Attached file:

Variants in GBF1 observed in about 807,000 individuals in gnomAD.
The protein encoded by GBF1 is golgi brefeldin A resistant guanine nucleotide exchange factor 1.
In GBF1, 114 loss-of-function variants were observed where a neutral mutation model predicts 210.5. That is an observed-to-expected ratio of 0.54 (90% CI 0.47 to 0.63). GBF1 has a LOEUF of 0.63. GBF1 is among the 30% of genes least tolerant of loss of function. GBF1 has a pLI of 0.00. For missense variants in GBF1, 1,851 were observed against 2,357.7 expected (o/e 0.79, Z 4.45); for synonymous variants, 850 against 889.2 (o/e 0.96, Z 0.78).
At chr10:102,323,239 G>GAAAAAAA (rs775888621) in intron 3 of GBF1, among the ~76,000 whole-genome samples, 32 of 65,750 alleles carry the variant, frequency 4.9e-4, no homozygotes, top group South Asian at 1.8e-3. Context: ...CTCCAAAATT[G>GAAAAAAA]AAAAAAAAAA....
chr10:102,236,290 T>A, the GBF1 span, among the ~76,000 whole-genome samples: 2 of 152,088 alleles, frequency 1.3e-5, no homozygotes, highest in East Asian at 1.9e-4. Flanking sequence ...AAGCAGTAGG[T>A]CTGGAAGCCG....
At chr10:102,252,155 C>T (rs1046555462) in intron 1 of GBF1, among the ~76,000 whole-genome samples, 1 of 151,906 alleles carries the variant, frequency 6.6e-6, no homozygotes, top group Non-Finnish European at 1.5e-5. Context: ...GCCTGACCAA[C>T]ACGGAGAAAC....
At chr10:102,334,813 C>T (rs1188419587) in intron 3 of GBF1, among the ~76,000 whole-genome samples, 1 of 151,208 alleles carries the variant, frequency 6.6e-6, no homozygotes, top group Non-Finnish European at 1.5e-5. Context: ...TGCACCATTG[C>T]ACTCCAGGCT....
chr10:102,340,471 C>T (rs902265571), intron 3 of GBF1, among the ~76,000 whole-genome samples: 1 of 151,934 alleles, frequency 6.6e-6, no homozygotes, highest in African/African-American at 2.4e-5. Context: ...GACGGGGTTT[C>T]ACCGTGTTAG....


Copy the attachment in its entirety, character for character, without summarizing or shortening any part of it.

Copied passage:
Variants in GBF1 observed in about 807,000 individuals in gnomAD.
The protein encoded by GBF1 is golgi brefeldin A resistant guanine nucleotide exchange factor 1.
In GBF1, 114 loss-of-function variants were observed where a neutral mutation model predicts 210.5. That is an observed-to-expected ratio of 0.54 (90% CI 0.47 to 0.63). GBF1 has a LOEUF of 0.63. GBF1 is among the 30% of genes least tolerant of loss of function. GBF1 has a pLI of 0.00. For missense variants in GBF1, 1,851 were observed against 2,357.7 expected (o/e 0.79, Z 4.45); for synonymous variants, 850 against 889.2 (o/e 0.96, Z 0.78).
At chr10:102,323,239 G>GAAAAAAA (rs775888621) in intron 3 of GBF1, among the ~76,000 whole-genome samples, 32 of 65,750 alleles carry the variant, frequency 4.9e-4, no homozygotes, top group South Asian at 1.8e-3. Context: ...CTCCAAAATT[G>GAAAAAAA]AAAAAAAAAA....
chr10:102,236,290 T>A, the GBF1 span, among the ~76,000 whole-genome samples: 2 of 152,088 alleles, frequency 1.3e-5, no homozygotes, highest in East Asian at 1.9e-4. Flanking sequence ...AAGCAGTAGG[T>A]CTGGAAGCCG....
At chr10:102,252,155 C>T (rs1046555462) in intron 1 of GBF1, among the ~76,000 whole-genome samples, 1 of 151,906 alleles carries the variant, frequency 6.6e-6, no homozygotes, top group Non-Finnish European at 1.5e-5. Context: ...GCCTGACCAA[C>T]ACGGAGAAAC....
At chr10:102,334,813 C>T (rs1188419587) in intron 3 of GBF1, among the ~76,000 whole-genome samples, 1 of 151,208 alleles carries the variant, frequency 6.6e-6, no homozygotes, top group Non-Finnish European at 1.5e-5. Context: ...TGCACCATTG[C>T]ACTCCAGGCT....
chr10:102,340,471 C>T (rs902265571), intron 3 of GBF1, among the ~76,000 whole-genome samples: 1 of 151,934 alleles, frequency 6.6e-6, no homozygotes, highest in African/African-American at 2.4e-5. Context: ...GACGGGGTTT[C>T]ACCGTGTTAG....